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Joseph Smith Lamanites (2) (1)

Race and Representation in Latter-day Saint Art

Although text has been the primary medium of communication in the restored gospel, there are exciting ways in which fresh visual depictions can expand our understanding and appreciation—including in sensitive areas like race and gender.

As art historians researching the art and visual culture of The Church of Jesus Christ of Latter-day Saints and the broader Latter-day Saint world, we see benefits to more scholarly discourse on race in art within the Church and its culture. The last decades have witnessed a dramatic increase in scholarship exploring race in historical and contemporary Mormonism. Yet much work remains to be done in addressing the role of images in constructing and promulgating Latter-day Saint views on race and ethnicity. Perhaps the critical importance of texts in the Church has overshadowed the communicative power of images. Studying a religion so centrally defined through written words, it’s easy to assume that images are always accessories rather than central to creating meaning—i.e. seeing images simply as illustrations. The naturalistic style typical of Latter-day Saint art (especially in the Church’s first hundred years) doesn’t help, either. Many artists invite us to see their polished, realistic works as straightforward representations of reality, not as subjective visions mediated through religious, cultural, and ideological perspectives.

A quick study of just one example suggests how much is missing when images are treated simply as illustrations—and the potential insights images offer into Latter-day Saints’ evolving understanding of race. In 1844, Samuel Brannan engaged the H. N. Robinson Lithography Company to mass-produce an image drawn by Edward Williams Clay depicting Joseph Smith speaking to a group of Native Americans (depicted in the featured image of this article above). The image is more than just a representation of figures who happen to possess particular racial identities. It is an argument about race, employing visual rhetoric to advance specific perspectives about embodied identity in the social context in which it was produced.

For instance, Brannan’s lithograph affirms that the Book of Mormon was a record of the ancestors of Native Americans—Joseph Smith holds a prominently labeled copy at his side. Many early Latter-day Saints were excited by his prophecy that Native Americans would reawaken to their alleged Lamanite identities and join the Latter-day Saint millenarian project. Beyond what it reveals about the Latter-day Saints’ teachings about Lamanites in that period, the lithograph also helps illuminate how this theology intertwined with contemporary understanding in the faith about racial difference. The Native figures are derived from the artist’s imagination rather than observation, but the stereotype they represent is not the “hostile savage” threatening settlement (then ascendant in post-Jacksonian America), but the earlier vision of the “noble savage.” The figures’ regal bearing, elegant ornamentation, and Roman-nosed profiles associate them with the visual tradition of Native Americans as embodying the virtues of an enlightened, natural existence. Many Latter-day Saint viewers were willing, especially in the era before the settlement of Utah, to imagine Native Americans as potential allies rather than opponents. The lithograph captures the optimistic belief that Native people across the continent would join the Latter-day Saint world—the mountains in the background set the image much further west than Nauvoo.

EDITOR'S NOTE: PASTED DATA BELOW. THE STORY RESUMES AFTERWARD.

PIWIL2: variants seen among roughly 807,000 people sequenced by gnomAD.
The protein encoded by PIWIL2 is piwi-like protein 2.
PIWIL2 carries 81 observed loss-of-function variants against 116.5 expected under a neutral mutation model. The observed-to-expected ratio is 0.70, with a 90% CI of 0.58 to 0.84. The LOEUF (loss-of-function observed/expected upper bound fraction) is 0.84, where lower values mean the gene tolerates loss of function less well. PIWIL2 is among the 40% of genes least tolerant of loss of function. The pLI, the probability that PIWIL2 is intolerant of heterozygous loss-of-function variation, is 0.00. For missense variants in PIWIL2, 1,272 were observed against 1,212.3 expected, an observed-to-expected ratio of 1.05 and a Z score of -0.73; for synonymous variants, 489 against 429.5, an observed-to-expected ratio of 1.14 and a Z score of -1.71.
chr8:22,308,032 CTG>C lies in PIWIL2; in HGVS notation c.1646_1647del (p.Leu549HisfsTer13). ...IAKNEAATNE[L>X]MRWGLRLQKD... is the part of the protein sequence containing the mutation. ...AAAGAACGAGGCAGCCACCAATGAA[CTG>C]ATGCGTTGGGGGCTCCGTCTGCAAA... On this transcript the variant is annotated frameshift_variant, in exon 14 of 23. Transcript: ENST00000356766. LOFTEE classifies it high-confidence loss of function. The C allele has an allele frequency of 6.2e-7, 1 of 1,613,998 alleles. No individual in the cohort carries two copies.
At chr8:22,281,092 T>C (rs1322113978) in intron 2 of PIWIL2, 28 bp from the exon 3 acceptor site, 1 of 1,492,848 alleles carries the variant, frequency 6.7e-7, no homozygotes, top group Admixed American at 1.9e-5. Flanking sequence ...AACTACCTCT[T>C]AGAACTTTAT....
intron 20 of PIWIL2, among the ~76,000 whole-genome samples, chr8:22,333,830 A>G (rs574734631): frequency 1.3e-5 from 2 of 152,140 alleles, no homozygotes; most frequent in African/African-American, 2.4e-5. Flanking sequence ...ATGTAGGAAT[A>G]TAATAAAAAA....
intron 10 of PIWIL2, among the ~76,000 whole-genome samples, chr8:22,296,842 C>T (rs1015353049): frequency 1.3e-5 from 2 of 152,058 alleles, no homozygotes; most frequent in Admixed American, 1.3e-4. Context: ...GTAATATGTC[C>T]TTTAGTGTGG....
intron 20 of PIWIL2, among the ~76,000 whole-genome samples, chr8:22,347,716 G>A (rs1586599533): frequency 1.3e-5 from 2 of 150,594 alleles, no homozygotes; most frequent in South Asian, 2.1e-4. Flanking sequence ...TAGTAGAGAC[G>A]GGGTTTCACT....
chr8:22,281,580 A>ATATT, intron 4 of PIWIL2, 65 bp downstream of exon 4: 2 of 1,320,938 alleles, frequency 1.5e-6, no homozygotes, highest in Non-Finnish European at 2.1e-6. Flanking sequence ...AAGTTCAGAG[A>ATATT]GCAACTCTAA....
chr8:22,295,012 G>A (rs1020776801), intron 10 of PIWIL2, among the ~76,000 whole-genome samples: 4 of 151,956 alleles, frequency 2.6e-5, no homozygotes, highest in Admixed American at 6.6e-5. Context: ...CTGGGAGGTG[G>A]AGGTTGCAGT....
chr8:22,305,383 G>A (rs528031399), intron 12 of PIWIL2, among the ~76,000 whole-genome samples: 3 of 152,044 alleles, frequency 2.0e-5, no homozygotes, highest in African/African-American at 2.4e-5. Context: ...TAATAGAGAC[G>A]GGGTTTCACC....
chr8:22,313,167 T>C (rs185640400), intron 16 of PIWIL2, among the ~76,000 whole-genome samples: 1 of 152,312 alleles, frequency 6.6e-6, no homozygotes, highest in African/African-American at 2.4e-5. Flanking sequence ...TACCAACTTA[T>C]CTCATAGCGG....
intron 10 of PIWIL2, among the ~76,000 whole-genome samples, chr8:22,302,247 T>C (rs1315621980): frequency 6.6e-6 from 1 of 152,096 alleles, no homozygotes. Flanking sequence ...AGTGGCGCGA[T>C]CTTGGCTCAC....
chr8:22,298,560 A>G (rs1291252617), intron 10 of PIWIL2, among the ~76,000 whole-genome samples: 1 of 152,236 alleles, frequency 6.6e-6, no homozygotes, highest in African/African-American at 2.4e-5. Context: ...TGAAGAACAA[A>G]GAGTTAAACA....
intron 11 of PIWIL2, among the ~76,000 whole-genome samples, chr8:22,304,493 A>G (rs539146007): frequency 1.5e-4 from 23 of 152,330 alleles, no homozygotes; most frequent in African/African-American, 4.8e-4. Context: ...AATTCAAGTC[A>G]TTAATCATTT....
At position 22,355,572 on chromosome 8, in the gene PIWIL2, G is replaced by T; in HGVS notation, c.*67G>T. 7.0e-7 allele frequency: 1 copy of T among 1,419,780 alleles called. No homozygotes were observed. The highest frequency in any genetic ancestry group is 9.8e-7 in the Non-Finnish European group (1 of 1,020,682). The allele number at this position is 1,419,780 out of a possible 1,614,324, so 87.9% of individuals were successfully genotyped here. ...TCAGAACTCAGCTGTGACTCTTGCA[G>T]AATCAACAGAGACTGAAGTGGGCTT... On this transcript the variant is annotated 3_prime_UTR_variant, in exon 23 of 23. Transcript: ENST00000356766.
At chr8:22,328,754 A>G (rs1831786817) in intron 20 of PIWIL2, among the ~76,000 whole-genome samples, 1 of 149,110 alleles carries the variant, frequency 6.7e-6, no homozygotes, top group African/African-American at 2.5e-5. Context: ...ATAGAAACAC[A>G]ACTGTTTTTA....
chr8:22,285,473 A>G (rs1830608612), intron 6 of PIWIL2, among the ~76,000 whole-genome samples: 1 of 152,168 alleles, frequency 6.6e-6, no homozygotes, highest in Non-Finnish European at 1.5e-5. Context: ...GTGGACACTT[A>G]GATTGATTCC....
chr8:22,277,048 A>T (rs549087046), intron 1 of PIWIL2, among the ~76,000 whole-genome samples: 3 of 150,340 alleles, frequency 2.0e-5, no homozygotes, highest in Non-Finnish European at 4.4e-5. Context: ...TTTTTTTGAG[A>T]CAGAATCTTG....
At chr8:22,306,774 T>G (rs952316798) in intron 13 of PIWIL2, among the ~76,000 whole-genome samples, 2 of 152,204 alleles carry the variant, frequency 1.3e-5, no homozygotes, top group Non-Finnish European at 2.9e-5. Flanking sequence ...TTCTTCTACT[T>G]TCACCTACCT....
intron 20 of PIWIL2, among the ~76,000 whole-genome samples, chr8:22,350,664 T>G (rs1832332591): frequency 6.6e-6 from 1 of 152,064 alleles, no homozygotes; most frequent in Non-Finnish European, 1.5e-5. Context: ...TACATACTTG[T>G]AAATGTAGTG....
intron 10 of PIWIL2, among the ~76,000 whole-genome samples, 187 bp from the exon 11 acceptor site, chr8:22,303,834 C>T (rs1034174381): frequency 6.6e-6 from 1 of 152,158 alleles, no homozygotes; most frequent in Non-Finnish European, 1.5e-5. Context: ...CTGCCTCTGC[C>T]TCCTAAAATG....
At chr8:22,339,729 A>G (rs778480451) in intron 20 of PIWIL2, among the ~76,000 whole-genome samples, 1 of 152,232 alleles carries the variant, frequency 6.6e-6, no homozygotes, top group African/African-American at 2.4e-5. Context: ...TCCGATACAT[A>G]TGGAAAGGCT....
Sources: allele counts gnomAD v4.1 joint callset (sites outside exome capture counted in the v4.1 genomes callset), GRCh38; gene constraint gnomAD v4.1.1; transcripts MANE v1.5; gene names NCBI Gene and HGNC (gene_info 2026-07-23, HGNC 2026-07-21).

How should we address historical artworks that carry spiritual significance to many Latter-day Saints, but may have been perpetuated or been influenced by attitudes of white superiority?